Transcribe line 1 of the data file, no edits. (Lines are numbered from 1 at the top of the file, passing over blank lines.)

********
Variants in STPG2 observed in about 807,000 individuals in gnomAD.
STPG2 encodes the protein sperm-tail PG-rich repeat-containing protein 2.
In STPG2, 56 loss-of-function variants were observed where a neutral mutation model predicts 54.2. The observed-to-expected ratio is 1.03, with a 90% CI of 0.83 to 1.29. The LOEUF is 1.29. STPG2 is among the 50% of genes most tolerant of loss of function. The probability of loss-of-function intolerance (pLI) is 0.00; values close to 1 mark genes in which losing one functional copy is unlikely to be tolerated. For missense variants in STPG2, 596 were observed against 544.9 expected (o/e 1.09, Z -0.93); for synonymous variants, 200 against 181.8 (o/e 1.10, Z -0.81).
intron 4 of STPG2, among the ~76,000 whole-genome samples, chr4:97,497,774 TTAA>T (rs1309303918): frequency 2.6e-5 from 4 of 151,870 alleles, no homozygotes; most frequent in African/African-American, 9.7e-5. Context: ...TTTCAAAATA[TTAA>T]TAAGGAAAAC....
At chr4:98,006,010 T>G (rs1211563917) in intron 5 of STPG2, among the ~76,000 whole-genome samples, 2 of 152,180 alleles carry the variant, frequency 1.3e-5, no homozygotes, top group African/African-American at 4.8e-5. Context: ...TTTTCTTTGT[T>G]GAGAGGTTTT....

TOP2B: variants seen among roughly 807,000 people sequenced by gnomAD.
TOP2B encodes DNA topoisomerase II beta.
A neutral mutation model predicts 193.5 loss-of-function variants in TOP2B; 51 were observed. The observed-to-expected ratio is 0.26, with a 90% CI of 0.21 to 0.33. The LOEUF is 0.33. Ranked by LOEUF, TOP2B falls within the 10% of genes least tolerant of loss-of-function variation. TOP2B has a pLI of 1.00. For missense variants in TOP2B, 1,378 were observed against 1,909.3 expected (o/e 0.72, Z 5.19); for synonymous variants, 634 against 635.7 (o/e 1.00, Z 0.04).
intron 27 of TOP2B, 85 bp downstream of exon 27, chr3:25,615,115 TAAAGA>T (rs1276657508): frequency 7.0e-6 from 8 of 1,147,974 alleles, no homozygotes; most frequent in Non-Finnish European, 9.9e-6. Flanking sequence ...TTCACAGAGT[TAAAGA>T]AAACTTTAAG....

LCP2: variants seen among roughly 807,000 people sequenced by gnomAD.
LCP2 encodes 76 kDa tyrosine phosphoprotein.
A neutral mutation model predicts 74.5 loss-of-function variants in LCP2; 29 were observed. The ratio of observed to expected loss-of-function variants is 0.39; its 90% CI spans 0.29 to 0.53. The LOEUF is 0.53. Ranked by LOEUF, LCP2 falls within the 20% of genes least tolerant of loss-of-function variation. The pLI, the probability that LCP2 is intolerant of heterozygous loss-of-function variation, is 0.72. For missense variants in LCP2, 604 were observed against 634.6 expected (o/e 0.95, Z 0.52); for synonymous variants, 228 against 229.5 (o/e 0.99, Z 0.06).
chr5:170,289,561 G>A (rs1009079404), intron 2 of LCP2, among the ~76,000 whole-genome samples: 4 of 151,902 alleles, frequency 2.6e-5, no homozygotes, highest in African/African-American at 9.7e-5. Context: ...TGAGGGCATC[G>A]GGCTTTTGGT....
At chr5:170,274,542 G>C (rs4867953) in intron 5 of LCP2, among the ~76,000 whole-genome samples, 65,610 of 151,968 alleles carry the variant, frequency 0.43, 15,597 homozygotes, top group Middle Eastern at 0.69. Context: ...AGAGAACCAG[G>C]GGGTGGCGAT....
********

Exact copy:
Variants in STPG2 observed in about 807,000 individuals in gnomAD.